“I will always hold down the muscle areas that I don’t want to be involved in the exercise gently with my fingertips,” she said. “And I will use fingertip pressure to ... [apply] resistance where I want to build strength and volume and muscle tone.”

Keep Your Tongue In Its Proper Position

“The most important thing is your tongue posture when your face is resting,” Hayashi said, adding that the tongue is the core muscle of the face. “When the core is weak, it cannot easily stand up the face, and the face tends to sag.”

She suggested keeping your tongue up and flat on the palate whenever your face is not doing anything, so that the cheek area is slightly lifted. This can enhance your cheekbones and avoid jowls and saggy skin.

“When the cheek muscles are lifted and activated, your face gets lifted too because the upper jaw is lifted,” Hayashi said. Cheeks, she added, play a significant role in this because they are located in the middle of the face. So if you want to lift up your face, including cheeks and jowls, you want to lift up the cheek muscles — making your tongue posture critical.

“The reason why your tongue is probably down right now is that your tongue is weak, which starts as early as pre-teenagers,” she said.

Try her “tongue swing” technique to strengthen your tongue so it’s easier to keep the correct posture:

  1. Make a big smile.
  2. Show at least eight upper teeth. (Don’t expose the lower teeth.)
  3. Swing the tongue slowly with the upper teeth showing, and do three reps.

Be Gentle

“Facial yoga promotes repetitive facial muscle activities like frowning and smiling, which can lead to more creasing, tugging and wrinkling of the face,” said Dr. Melanie Palm, a board-certified dermatologist and cosmetic surgeon at the Art of Skin MD clinic. Other face yoga movements that require using your fingers to push or pull the skin, she said, can have a similar effect.

Thus, Palm recommended using a facial oil or serum that provides some glide to minimize unnecessary tugging. Remember to use light pressure as well.

Consistency Is Key

Hagen suggested doing a little bit of face yoga every day.

“It doesn’t take a lot, maybe five to 10 minutes,” she said. “One or two curated face poses in your trouble areas at a time. Try to be consistent, like in any other exercise program, but be gentle with yourself at the same time.”

Just like other exercise programs, it’s a longevity and consistency practice.

Start With A Clean Face

“When you practice face yoga, be mindful to keep your face and skin clean, without any makeup or heavy products,” said Rashika Khemani, a face yoga instructor with the company MyYogaTeacher.

This, she said, is because cosmetics and skin-rejuvenating products can lead to inflammation or redness, which you wouldn’t want during your exercises.

Face Yoga Exercises To Try

Want to try face yoga out for yourself? Here are some poses designed to target some of the biggest beauty complaints:

Cheek Squat

“This move is for waking up the sleeping cheek muscles to lift up the entire face,” Hayashi said.

  1. Say “Oh, Ah,” and make a big smile.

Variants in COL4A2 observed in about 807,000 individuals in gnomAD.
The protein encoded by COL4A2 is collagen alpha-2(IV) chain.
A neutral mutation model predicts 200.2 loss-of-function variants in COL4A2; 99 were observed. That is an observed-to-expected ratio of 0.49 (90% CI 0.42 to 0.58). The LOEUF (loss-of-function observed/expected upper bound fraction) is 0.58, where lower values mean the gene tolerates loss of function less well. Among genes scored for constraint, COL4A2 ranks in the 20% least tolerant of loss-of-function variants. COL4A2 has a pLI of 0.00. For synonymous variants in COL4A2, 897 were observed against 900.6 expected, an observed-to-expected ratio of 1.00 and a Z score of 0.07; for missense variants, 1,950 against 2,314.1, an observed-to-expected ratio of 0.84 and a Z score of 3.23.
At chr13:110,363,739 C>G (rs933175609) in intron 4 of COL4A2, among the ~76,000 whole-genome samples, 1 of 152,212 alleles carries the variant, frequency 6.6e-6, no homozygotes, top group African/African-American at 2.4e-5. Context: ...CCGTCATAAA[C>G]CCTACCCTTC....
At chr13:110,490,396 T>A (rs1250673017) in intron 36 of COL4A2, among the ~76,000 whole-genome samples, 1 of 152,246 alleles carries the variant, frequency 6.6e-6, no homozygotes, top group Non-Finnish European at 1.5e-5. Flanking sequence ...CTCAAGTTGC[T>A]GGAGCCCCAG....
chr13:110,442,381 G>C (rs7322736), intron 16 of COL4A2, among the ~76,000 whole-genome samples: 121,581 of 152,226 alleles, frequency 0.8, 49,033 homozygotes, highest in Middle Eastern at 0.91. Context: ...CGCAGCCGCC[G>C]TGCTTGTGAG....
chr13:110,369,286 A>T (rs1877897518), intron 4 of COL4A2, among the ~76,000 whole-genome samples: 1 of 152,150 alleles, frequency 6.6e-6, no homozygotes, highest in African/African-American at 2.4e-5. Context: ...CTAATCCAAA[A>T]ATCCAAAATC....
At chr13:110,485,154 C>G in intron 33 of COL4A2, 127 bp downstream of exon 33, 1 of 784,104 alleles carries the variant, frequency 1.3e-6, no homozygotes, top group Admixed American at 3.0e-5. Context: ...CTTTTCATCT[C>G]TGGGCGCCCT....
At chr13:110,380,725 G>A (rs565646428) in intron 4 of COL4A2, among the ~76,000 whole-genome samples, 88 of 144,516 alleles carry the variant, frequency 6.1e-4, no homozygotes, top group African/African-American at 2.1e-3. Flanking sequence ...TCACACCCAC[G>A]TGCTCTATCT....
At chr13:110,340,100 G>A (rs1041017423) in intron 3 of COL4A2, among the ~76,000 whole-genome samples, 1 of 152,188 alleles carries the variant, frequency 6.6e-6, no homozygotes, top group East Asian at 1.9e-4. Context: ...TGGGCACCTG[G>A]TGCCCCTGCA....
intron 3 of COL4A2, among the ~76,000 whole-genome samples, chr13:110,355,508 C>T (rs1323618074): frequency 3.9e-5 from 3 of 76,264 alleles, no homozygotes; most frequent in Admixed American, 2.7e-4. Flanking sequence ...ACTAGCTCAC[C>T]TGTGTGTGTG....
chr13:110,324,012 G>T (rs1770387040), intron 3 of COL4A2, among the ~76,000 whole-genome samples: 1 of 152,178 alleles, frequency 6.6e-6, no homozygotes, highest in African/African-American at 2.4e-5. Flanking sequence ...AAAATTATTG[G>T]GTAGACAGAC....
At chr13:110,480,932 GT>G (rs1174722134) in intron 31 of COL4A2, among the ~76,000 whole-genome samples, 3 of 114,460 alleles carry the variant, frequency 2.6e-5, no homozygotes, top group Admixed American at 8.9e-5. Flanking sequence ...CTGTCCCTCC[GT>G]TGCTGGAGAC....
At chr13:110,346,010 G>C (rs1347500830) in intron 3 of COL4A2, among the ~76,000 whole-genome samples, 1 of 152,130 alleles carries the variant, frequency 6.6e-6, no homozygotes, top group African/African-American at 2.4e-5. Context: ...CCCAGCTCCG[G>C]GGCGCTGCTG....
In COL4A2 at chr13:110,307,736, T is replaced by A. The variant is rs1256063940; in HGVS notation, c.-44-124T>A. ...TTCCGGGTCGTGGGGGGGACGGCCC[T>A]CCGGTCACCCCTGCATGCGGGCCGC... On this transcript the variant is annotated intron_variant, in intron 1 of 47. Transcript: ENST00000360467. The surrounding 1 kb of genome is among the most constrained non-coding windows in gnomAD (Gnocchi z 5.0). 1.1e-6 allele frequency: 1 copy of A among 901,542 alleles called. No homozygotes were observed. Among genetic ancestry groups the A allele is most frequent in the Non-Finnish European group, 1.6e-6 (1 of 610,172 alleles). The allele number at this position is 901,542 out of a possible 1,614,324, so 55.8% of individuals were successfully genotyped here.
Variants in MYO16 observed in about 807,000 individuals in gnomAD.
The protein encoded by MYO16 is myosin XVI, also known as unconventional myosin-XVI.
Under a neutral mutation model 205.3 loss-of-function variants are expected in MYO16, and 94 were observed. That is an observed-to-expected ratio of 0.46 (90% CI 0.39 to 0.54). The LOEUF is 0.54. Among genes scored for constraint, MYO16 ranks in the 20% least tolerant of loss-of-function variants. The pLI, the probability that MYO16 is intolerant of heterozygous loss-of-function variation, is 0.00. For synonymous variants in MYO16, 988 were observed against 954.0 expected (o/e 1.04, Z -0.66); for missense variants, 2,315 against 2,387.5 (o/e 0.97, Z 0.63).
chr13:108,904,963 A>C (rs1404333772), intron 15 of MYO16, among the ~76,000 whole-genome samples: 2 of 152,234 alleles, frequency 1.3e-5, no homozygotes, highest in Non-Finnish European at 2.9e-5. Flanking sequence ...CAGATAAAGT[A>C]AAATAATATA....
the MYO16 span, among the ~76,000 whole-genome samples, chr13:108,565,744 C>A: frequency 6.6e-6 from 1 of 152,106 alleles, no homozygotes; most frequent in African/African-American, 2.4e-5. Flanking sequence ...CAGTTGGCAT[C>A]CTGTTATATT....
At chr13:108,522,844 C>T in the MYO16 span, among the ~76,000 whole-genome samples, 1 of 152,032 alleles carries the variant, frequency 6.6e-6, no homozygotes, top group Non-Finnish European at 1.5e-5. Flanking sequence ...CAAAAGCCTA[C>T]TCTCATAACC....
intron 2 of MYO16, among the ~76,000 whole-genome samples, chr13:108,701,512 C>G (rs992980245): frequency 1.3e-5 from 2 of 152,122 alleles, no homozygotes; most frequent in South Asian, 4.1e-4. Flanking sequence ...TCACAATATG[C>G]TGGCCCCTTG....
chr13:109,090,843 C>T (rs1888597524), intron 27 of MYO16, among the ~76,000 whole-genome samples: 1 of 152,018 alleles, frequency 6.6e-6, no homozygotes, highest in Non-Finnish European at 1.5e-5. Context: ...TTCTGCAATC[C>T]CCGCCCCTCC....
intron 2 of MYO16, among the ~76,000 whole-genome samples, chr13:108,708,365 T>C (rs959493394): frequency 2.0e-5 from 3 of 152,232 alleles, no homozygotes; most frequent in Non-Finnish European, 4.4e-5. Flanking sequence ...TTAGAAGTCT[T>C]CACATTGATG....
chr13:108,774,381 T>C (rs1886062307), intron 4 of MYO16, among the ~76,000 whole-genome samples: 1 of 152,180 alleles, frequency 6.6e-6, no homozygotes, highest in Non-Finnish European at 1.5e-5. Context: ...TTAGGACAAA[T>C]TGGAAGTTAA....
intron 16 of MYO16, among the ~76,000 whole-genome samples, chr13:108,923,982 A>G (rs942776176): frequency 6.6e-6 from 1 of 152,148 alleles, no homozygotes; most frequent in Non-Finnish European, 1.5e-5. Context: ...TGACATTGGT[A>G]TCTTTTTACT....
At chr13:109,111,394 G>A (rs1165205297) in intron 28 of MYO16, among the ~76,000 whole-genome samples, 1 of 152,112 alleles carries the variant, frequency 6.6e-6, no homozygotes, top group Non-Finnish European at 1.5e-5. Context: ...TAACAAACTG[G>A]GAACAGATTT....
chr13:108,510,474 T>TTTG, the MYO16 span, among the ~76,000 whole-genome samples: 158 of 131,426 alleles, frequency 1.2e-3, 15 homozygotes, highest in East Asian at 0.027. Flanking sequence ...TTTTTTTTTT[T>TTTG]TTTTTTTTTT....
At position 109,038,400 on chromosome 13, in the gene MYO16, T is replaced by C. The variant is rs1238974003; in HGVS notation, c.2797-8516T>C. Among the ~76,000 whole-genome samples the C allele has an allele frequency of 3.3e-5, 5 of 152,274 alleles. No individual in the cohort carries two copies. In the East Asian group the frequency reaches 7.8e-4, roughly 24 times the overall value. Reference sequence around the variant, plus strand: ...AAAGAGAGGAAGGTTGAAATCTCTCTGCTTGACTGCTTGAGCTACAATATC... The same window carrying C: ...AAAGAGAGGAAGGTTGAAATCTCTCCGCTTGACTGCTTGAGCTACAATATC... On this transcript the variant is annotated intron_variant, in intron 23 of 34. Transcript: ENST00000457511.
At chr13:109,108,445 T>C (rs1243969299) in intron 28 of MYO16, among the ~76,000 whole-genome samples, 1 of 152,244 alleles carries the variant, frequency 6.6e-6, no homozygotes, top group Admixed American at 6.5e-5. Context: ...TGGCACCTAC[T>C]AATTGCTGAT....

2. Make sure your upper teeth touch the bottom lip.
  3. Inside the mouth, place the tongue up and flat against the palate.
  4. Lift up the cheeks and upper jaw with the tongue as high as possible.
  5. Keep the pose for 10 seconds. (Don’t use other muscles, such as the neck.)

V For Victory

This position is geared at tackling pesky crow’s feet.

  1. Use your fingers to make a V shape and frame your eyes with your index and middle fingers.
  2. Apply gentle pressure to the outer corner of your eyebrows, and slowly look up while squinting.
  3. Finish by closing your eyes tightly for 10 seconds.

Smiling Buddha Face

Hagen said this is a nice reset for your face that will encourage lifting in the cheek area, tone in the jaw and smoothness in the eye area.

  1. Practice a neutral smile in which you spread the corners of your mouth toward your ears. Keep your eyes soft so that you don’t create new wrinkles.

Kiss The Ceiling Or Lick The Ceiling

“These exercises will help tone the jaw and the neck,” Hagen said.

  1. Look up and pretend to “kiss the ceiling” three times in a row.
  2. Then look to the right, look up and kiss the ceiling three times in a row.
  3. Then turn the head left and look up. Kiss the ceiling three times in a row.

Here’s a variation:

  1. Look to your right and up, stick your tongue up toward the ceiling and take your eyes to your far right over your shoulder. Hold this for 10 seconds.
  2. Do the same on the left.
  3. Do this three times in a row.

Inner Tube

This one by Hagen is aimed at smoothing vertical lip lines.

  1. Inhale through the nose. Put the air underneath the upper lip to puff the lip outward, and then do the same with the lower lip.

By circulating the breath between the inside of the lips, you’ll stretch and smoother the fascia around the ring muscle of the mouth, Hagen said.

Eyelid Squat

“This move is great for lifting up eyes, [the] eyebrow and providing a more defined look,” Hayashi said.

  1. Keep the tongue up and flat on the palate.
  2. With your fingers, lift up only the lower eyelid without moving any other areas. Do this for 10 reps.